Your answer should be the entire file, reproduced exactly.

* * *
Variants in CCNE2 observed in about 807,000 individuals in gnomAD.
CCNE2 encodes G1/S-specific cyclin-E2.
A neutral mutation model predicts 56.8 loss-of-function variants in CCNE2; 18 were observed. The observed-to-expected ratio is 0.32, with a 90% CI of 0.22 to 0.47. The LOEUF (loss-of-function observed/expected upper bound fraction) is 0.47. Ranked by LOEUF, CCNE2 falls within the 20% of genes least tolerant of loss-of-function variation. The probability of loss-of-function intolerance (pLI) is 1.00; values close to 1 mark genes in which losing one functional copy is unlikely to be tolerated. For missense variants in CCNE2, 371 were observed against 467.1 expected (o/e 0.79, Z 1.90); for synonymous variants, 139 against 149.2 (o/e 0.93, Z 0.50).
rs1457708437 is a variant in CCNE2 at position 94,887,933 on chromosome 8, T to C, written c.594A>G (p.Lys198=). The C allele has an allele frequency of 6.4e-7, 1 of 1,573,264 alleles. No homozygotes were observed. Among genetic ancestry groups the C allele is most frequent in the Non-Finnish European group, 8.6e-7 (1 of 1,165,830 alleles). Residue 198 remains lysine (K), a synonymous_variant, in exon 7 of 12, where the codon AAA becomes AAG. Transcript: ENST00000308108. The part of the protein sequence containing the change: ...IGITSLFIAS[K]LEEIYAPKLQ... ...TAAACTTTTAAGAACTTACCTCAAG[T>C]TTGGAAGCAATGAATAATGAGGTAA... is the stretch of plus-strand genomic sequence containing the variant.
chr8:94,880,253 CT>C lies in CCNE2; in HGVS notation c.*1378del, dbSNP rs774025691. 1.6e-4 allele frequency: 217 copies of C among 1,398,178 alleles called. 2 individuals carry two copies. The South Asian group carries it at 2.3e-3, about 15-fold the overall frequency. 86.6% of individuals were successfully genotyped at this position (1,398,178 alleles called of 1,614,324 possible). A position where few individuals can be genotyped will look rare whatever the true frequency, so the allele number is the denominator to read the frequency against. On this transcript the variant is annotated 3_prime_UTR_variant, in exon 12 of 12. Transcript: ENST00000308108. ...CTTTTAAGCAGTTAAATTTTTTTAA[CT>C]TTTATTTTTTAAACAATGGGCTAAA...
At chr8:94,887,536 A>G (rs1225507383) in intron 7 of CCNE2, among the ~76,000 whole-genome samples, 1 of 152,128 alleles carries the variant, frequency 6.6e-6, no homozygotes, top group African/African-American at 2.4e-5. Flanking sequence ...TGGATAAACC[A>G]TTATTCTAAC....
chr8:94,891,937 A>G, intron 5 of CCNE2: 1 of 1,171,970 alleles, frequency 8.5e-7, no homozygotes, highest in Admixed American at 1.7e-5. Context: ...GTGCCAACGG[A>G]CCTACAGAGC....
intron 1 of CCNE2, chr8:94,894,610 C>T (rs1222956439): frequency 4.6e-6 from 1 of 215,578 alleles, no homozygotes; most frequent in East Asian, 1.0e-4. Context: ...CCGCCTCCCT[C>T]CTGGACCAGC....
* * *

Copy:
Variants in CCNE2 observed in about 807,000 individuals in gnomAD.
CCNE2 encodes G1/S-specific cyclin-E2.
A neutral mutation model predicts 56.8 loss-of-function variants in CCNE2; 18 were observed. The observed-to-expected ratio is 0.32, with a 90% CI of 0.22 to 0.47. The LOEUF (loss-of-function observed/expected upper bound fraction) is 0.47. Ranked by LOEUF, CCNE2 falls within the 20% of genes least tolerant of loss-of-function variation. The probability of loss-of-function intolerance (pLI) is 1.00; values close to 1 mark genes in which losing one functional copy is unlikely to be tolerated. For missense variants in CCNE2, 371 were observed against 467.1 expected (o/e 0.79, Z 1.90); for synonymous variants, 139 against 149.2 (o/e 0.93, Z 0.50).
rs1457708437 is a variant in CCNE2 at position 94,887,933 on chromosome 8, T to C, written c.594A>G (p.Lys198=). The C allele has an allele frequency of 6.4e-7, 1 of 1,573,264 alleles. No homozygotes were observed. Among genetic ancestry groups the C allele is most frequent in the Non-Finnish European group, 8.6e-7 (1 of 1,165,830 alleles). Residue 198 remains lysine (K), a synonymous_variant, in exon 7 of 12, where the codon AAA becomes AAG. Transcript: ENST00000308108. The part of the protein sequence containing the change: ...IGITSLFIAS[K]LEEIYAPKLQ... ...TAAACTTTTAAGAACTTACCTCAAG[T>C]TTGGAAGCAATGAATAATGAGGTAA... is the stretch of plus-strand genomic sequence containing the variant.
chr8:94,880,253 CT>C lies in CCNE2; in HGVS notation c.*1378del, dbSNP rs774025691. 1.6e-4 allele frequency: 217 copies of C among 1,398,178 alleles called. 2 individuals carry two copies. The South Asian group carries it at 2.3e-3, about 15-fold the overall frequency. 86.6% of individuals were successfully genotyped at this position (1,398,178 alleles called of 1,614,324 possible). A position where few individuals can be genotyped will look rare whatever the true frequency, so the allele number is the denominator to read the frequency against. On this transcript the variant is annotated 3_prime_UTR_variant, in exon 12 of 12. Transcript: ENST00000308108. ...CTTTTAAGCAGTTAAATTTTTTTAA[CT>C]TTTATTTTTTAAACAATGGGCTAAA...
At chr8:94,887,536 A>G (rs1225507383) in intron 7 of CCNE2, among the ~76,000 whole-genome samples, 1 of 152,128 alleles carries the variant, frequency 6.6e-6, no homozygotes, top group African/African-American at 2.4e-5. Flanking sequence ...TGGATAAACC[A>G]TTATTCTAAC....
chr8:94,891,937 A>G, intron 5 of CCNE2: 1 of 1,171,970 alleles, frequency 8.5e-7, no homozygotes, highest in Admixed American at 1.7e-5. Context: ...GTGCCAACGG[A>G]CCTACAGAGC....
intron 1 of CCNE2, chr8:94,894,610 C>T (rs1222956439): frequency 4.6e-6 from 1 of 215,578 alleles, no homozygotes; most frequent in East Asian, 1.0e-4. Context: ...CCGCCTCCCT[C>T]CTGGACCAGC....